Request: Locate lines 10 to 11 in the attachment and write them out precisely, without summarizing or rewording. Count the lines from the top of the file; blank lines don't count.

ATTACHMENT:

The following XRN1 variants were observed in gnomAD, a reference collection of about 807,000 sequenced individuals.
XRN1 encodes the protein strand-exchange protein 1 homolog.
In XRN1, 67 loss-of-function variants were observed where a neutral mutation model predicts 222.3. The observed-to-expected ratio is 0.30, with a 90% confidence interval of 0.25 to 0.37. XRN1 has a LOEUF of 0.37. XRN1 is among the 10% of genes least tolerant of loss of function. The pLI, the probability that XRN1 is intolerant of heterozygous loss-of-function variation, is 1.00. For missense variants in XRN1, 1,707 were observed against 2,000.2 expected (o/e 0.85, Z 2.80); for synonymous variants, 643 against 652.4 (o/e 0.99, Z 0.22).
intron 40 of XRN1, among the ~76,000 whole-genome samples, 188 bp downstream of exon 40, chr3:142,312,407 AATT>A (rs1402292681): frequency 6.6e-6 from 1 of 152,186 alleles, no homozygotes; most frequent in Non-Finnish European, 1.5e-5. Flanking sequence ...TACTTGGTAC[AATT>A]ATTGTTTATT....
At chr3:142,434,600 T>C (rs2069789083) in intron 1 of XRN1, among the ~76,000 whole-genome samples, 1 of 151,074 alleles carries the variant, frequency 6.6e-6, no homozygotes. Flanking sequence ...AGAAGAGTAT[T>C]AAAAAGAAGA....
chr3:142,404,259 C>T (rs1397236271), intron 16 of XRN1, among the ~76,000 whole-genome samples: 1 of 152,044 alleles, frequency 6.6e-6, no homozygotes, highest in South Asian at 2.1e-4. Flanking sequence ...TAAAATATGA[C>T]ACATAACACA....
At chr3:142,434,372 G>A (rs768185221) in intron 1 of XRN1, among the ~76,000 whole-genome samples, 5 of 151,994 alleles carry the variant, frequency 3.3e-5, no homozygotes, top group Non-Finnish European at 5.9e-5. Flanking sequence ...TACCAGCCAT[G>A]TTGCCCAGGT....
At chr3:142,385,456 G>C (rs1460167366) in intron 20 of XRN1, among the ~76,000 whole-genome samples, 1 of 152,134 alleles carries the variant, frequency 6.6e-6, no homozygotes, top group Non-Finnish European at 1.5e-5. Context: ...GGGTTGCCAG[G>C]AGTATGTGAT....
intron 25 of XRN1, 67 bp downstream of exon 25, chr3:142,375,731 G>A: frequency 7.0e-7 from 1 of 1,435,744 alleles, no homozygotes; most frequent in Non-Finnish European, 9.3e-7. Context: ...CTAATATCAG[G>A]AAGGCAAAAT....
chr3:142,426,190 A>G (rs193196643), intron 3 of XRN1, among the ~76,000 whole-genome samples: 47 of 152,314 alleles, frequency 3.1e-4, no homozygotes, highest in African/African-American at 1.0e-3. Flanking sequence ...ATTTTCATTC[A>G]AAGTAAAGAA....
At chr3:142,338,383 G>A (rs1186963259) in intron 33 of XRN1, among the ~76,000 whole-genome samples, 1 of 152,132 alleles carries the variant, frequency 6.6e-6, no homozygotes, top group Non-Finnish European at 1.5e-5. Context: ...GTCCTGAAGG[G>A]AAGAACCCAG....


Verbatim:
chr3:142,426,190 A>G (rs193196643), intron 3 of XRN1, among the ~76,000 whole-genome samples: 47 of 152,314 alleles, frequency 3.1e-4, no homozygotes, highest in African/African-American at 1.0e-3. Flanking sequence ...ATTTTCATTC[A>G]AAGTAAAGAA....
At chr3:142,338,383 G>A (rs1186963259) in intron 33 of XRN1, among the ~76,000 whole-genome samples, 1 of 152,132 alleles carries the variant, frequency 6.6e-6, no homozygotes, top group Non-Finnish European at 1.5e-5. Context: ...GTCCTGAAGG[G>A]AAGAACCCAG....